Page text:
It is sometimes hard to imagine that a goat foraging on the desert-like terrain of Changthang can lead to the creation of one of the most exquisite and finest of the world's textiles – the Kashmir Shawl. In the words of a nineteenth century British administrator, this shawl "is the product of a felicitous conjunction between pashm, one of the finest animal fibres ever put to the loom and the amazing and unique skills of Kashmir's spinners, weavers, designers, dyers, rafugars and a host of other workers".

The story of the Kashmir Shawl continues in much the same manner today, but most accounts start the story in Srinagar, making no more than a passing reference to the fact that the some of the finest raw material in the world comes from the high mountains of Ladakh. Though both regions are located in the North Indian state of Jammu & Kashmir, and linked through the trade and manufacture of pashmina, making the journey of the story from start to finish important. It takes one through some of the highest motorable passes in the world and some of the toughest living conditions.

The following documentary film "Pashmina Road"
by Errol Rainey and Isaac Wall for ZEZE Collective,
is a meditative visual story that spans from Ladakh to Kashmir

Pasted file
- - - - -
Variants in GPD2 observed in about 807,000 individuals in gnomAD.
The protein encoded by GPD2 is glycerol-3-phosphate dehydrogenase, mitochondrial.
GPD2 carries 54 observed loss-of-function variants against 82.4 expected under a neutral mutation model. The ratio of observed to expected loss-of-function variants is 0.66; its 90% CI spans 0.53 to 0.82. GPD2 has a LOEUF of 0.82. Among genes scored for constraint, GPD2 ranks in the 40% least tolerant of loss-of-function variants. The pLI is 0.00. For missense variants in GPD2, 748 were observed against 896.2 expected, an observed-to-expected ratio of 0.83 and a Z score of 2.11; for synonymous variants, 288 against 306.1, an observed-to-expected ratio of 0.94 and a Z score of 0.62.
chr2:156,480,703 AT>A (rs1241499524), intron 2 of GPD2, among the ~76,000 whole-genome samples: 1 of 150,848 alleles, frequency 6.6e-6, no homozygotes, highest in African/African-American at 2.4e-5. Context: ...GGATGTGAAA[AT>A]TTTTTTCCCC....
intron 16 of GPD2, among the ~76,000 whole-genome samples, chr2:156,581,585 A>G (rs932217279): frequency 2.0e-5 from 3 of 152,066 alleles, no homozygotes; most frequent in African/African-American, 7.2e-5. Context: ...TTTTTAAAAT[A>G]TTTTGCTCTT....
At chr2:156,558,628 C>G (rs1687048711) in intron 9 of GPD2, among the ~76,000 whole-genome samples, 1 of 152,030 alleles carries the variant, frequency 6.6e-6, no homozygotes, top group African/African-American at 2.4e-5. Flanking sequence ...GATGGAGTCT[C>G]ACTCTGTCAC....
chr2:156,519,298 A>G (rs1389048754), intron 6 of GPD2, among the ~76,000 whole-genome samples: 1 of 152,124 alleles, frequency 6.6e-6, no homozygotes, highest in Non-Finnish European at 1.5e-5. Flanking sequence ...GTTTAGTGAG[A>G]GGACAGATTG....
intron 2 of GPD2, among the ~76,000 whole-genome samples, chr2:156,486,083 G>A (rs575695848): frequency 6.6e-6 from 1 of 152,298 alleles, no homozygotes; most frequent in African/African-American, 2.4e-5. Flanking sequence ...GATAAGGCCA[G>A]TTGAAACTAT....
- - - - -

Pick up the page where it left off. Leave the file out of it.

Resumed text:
to chronicle the elaborate process
from sourcing, to making of end pieces.

( Duration: 22 minutes )

The Source, The Site

Ladakh. In the summer months Changra goats are herded to lower altitudes where they can graze on pastures growing along the glacial rivers and streams. One Changra goat will harvest roughly 120 grams of raw fibre. Of that, only 70 grams will be fine enough to be spun into pashmina yarn. Male goats yield approx. 300 to 400 grams of pashmina, females 200 to 250 grams. Of that about 100 grams (200 for the males) can be used for weaving. Goat hair is also used for weaving other products so there is no wasteage. This wool forms part of the thick winter fleece the goats need to survive the harsh winters. For centuries the Ladakhis have harvested the fibres in the spring and traded with the Kashmiris, who then use the superior wool to create the finest shawls in the world.

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Ladakh. Monks prepare their monastery for the arrival of the Dalai Lama as part of the Kalachakra celebrations 2014.

Central Ladakh. The sheer, crumbling cliffs of central Ladakh grow and crumble simultaneously. The convergence of two tectonic plates continues to push the Himalayas further into the sky.